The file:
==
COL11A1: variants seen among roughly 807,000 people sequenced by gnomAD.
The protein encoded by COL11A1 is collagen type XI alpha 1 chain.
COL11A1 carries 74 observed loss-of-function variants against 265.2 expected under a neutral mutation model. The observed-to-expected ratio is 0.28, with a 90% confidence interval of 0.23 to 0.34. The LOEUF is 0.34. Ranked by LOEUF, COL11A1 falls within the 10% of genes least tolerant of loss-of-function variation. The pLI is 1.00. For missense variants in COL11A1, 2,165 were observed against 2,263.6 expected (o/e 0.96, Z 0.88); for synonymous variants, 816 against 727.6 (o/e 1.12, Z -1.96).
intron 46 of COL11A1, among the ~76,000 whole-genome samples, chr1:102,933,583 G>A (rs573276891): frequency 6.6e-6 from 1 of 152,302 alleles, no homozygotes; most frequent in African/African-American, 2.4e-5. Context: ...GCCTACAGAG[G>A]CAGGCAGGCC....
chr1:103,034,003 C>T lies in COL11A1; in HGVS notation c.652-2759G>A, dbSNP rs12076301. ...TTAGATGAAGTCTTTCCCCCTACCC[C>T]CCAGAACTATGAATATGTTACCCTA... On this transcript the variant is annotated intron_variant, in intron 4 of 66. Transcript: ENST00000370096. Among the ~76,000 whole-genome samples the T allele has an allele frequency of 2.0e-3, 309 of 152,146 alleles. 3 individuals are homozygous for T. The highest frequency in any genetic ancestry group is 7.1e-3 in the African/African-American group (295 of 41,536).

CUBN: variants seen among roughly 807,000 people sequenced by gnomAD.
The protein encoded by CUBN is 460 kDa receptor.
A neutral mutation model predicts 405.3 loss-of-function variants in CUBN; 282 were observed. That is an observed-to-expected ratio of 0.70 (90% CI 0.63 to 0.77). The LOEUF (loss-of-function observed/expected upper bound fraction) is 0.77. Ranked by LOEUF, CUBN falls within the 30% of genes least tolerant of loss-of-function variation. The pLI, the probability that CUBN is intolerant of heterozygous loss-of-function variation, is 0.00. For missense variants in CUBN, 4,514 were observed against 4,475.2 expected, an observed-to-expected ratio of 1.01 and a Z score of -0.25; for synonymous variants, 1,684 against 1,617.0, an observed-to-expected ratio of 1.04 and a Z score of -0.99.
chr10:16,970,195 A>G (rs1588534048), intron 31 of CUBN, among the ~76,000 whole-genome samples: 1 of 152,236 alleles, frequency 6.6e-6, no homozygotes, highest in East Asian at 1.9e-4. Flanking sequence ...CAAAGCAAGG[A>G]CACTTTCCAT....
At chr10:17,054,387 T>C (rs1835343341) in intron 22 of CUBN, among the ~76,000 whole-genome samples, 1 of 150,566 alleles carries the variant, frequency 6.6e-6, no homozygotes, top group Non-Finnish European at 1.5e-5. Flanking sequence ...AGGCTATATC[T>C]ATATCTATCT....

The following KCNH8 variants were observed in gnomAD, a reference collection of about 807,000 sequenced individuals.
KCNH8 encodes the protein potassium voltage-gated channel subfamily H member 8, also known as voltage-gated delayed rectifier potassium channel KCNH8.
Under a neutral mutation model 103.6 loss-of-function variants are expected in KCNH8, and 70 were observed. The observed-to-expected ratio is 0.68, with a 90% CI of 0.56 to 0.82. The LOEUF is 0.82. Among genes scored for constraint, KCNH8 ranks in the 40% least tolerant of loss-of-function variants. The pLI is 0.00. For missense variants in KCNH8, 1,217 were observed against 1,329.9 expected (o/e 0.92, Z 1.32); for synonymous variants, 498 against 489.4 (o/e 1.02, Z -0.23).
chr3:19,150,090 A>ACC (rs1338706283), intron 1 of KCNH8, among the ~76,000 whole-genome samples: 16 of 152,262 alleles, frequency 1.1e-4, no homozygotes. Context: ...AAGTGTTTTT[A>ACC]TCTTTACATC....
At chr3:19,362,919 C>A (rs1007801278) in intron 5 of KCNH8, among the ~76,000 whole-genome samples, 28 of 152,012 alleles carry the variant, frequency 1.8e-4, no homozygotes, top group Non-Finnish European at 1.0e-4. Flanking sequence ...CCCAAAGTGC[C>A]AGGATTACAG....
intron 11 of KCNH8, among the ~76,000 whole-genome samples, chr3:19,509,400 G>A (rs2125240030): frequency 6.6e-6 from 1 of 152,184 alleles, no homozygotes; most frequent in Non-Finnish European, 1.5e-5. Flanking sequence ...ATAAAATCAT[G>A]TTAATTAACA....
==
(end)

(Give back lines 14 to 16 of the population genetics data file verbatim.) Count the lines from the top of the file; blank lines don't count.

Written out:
chr3:19,150,090 A>ACC (rs1338706283), intron 1 of KCNH8, among the ~76,000 whole-genome samples: 16 of 152,262 alleles, frequency 1.1e-4, no homozygotes. Context: ...AAGTGTTTTT[A>ACC]TCTTTACATC....
At chr3:19,362,919 C>A (rs1007801278) in intron 5 of KCNH8, among the ~76,000 whole-genome samples, 28 of 152,012 alleles carry the variant, frequency 1.8e-4, no homozygotes, top group Non-Finnish European at 1.0e-4. Flanking sequence ...CCCAAAGTGC[C>A]AGGATTACAG....
intron 11 of KCNH8, among the ~76,000 whole-genome samples, chr3:19,509,400 G>A (rs2125240030): frequency 6.6e-6 from 1 of 152,184 alleles, no homozygotes; most frequent in Non-Finnish European, 1.5e-5. Flanking sequence ...ATAAAATCAT[G>A]TTAATTAACA....